Porter’s Dream

Porter woke up Friday morning early and much more stuck than normal, the tissue in his back and shoulders seized as you’d expect a corpse to be. He was in a dream but left it quickly, and for the moment all he knew was that a time had passed and that it wasn’t yesterday, that a vacuum was behind him but it quickly filled and soon it was his room again.

Butter spread across the pitted face of Porter’s toasted bread and filled the little pock-marks so they looked like pallid yellow ponds scattered through the desert. Coffee slurped and dribbled from the machine, filling the glass pot to where it always did. When it was through, the plastic gadget hissed for just a moment, as if exhausted from the work, then bleeped two times and stayed silent for the remainder of the day.

Porter’s bus was late again, or maybe he was early, but at any rate he chose to walk to work, the weather being dry and tepid and his joints needing the effort.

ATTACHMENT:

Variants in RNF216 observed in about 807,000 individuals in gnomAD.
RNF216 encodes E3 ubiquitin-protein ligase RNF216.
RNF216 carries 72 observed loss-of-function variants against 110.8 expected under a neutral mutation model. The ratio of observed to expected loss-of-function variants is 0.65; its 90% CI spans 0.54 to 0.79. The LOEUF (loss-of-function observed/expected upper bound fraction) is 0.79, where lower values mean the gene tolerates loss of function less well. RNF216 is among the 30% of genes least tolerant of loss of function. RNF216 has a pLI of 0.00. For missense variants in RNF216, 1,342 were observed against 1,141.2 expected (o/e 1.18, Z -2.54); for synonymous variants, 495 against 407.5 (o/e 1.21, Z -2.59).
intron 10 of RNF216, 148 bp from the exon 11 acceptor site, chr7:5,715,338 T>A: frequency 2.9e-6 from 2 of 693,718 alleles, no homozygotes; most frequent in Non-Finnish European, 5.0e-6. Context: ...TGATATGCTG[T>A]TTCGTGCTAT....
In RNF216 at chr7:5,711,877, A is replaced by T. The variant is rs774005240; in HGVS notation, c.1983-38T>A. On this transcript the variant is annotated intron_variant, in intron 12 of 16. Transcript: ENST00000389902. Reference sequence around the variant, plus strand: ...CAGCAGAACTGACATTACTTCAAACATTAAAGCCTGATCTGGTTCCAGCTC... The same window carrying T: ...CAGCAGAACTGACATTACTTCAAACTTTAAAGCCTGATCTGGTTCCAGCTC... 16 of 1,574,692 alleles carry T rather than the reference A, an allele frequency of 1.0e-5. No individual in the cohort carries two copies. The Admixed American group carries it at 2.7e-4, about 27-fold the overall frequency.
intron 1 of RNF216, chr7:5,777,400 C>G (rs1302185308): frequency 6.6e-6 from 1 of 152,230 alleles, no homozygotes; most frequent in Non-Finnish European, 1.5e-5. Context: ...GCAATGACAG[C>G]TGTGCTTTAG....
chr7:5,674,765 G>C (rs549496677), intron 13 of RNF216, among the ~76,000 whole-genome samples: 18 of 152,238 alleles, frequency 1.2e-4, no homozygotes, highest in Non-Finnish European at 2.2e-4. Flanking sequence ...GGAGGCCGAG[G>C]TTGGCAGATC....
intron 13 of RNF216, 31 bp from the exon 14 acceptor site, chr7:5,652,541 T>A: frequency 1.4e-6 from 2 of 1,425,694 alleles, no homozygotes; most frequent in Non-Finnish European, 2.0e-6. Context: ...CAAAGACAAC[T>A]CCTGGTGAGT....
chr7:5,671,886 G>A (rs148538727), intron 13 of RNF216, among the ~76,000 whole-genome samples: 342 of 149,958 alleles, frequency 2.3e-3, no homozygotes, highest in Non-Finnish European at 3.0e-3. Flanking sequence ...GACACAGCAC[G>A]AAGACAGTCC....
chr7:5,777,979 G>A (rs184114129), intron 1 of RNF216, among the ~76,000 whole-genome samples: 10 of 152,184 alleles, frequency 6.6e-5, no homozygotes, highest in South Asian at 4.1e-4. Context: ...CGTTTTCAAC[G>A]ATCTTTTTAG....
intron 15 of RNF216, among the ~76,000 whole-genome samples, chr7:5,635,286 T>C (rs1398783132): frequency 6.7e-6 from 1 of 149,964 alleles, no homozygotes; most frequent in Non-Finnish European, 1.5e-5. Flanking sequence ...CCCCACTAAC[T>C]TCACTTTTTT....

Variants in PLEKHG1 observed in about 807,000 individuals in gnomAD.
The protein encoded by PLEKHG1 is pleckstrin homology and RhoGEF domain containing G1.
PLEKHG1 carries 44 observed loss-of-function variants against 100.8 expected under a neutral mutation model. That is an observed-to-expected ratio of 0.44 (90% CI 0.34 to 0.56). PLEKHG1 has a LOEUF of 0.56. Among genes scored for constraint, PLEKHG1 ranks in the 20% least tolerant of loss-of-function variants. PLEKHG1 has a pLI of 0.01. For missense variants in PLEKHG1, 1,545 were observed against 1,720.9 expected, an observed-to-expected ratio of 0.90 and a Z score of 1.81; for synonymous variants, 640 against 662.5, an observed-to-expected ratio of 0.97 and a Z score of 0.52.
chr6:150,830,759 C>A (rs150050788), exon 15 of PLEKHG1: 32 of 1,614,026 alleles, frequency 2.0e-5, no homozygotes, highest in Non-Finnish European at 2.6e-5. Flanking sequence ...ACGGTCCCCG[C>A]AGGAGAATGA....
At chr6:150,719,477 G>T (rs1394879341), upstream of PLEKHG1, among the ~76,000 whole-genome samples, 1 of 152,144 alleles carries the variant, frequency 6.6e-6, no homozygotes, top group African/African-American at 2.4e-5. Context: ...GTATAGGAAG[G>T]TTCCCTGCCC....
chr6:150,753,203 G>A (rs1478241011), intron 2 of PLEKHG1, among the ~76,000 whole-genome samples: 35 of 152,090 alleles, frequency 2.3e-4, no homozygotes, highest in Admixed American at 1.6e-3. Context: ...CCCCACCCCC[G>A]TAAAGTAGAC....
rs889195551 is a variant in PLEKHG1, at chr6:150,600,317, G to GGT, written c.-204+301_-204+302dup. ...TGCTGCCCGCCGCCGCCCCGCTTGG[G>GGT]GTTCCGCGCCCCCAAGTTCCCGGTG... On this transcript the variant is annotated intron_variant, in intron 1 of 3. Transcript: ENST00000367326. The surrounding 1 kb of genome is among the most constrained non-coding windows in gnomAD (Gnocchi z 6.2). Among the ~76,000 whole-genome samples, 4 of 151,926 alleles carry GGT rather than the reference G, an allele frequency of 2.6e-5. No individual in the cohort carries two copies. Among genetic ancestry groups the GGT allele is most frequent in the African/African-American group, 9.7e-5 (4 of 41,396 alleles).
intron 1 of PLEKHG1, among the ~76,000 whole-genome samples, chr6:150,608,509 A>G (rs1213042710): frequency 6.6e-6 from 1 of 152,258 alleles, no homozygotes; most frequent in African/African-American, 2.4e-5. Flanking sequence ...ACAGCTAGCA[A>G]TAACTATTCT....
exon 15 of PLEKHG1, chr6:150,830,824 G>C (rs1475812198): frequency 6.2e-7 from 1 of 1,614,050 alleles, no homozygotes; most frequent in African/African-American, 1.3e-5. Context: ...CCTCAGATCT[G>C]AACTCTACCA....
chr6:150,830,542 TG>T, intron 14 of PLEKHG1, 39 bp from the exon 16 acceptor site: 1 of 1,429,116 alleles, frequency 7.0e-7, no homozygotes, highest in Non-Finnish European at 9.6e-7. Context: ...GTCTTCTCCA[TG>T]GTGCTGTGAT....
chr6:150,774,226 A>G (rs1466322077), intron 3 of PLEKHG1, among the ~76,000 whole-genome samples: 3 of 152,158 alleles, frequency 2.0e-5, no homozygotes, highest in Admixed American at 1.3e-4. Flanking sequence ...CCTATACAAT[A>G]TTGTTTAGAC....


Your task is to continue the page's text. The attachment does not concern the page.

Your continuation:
On his walk, Porter tried hard to recall the dream he’d had the night before, but all he thought was white. An eggy, stringy white that clung inside his eyes and gave the impression of translucence but none of the effect. A clammy white that oozed in viscous layers.

It was after a mile or so, Porter squinting as he walked as if the dream was just beyond his grasp and somehow he could will his memory more effective by putting tension in the muscles around his eyes, it was after just a mile perhaps that Porter saw an image in the gluey white. Unfolding up above him in the white was a round and woolly cloud, as white as all the sticky white around him, but of a texture not the same.

He reached up with his hand and felt another hand inside. And when he pulled it down another Porter stood there in the white. They stared at one another for a moment, then Porter spoke.

“Hello,” said Porter kindly.
“Hello,” said Porter kindly back.

Then Porter and his dream exchanged their leather attaches and all but Porter dripped away.

He opened his eyes to find himself a little past his office, whistling beneath the trees beside a quiet river. And Porter walked along its banks and knew it was today.

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